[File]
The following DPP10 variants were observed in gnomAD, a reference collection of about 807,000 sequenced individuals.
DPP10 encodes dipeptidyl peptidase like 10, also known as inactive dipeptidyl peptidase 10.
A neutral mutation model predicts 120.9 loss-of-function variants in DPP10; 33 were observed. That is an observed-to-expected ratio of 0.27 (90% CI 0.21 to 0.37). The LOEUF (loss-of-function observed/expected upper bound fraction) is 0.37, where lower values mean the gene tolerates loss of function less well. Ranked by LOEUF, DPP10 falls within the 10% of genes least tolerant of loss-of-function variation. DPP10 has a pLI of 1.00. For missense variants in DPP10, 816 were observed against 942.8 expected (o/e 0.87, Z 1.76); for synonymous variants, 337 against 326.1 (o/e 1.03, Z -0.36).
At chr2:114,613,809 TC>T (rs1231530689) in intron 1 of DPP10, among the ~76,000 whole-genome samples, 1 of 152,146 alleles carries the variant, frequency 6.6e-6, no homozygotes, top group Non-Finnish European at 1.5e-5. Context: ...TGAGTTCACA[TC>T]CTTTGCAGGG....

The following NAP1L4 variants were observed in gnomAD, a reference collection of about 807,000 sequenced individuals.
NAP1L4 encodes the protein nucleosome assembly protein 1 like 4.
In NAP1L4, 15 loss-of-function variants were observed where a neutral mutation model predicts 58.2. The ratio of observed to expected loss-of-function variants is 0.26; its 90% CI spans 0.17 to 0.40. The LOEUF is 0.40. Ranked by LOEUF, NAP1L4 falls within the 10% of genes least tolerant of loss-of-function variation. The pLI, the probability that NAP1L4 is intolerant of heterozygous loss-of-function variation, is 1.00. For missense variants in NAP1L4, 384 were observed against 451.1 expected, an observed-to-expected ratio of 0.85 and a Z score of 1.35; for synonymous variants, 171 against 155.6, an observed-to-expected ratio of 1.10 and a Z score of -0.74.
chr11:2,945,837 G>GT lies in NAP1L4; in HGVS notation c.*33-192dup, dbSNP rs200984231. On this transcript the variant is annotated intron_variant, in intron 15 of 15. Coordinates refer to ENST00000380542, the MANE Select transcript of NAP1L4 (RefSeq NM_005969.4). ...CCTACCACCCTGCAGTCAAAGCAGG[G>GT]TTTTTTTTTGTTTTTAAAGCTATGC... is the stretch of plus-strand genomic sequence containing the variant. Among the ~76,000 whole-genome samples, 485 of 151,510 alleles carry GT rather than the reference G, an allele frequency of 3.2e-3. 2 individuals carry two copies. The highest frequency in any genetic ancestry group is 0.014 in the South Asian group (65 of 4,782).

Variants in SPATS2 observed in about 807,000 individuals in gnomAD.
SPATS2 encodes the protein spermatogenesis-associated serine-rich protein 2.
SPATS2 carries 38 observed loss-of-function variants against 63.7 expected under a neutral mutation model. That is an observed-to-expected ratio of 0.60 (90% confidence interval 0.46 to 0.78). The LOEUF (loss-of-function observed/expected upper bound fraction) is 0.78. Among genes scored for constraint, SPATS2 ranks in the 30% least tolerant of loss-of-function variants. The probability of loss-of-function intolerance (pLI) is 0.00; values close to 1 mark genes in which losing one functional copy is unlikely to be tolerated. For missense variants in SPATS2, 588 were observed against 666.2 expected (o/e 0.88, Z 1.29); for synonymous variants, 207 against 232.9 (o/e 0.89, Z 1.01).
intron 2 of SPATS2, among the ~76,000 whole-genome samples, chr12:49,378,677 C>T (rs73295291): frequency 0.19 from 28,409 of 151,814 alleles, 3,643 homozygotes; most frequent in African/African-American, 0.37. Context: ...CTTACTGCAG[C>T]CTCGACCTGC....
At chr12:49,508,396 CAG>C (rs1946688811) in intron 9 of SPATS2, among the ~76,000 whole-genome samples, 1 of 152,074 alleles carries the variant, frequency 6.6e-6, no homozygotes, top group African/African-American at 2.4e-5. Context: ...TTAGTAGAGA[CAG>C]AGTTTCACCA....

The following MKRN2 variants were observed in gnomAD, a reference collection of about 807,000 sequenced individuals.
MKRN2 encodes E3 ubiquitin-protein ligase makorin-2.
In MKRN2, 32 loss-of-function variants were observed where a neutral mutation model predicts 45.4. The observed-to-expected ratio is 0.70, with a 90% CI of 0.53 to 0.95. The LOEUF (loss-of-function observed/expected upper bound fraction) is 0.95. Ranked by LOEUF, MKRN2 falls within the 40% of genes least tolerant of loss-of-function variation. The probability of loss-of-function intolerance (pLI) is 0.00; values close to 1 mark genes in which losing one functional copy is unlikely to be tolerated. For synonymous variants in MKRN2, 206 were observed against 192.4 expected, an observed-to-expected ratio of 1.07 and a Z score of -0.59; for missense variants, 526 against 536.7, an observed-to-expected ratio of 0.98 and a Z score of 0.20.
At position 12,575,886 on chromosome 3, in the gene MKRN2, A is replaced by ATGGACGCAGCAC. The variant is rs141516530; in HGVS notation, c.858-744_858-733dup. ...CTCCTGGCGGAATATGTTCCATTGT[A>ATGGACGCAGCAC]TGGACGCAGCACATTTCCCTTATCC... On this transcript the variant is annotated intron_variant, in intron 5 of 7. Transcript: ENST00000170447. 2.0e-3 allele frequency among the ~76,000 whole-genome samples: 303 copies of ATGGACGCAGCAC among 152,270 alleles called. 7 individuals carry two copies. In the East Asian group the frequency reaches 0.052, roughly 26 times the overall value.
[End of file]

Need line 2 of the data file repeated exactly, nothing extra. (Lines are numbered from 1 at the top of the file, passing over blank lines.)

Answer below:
DPP10 encodes dipeptidyl peptidase like 10, also known as inactive dipeptidyl peptidase 10.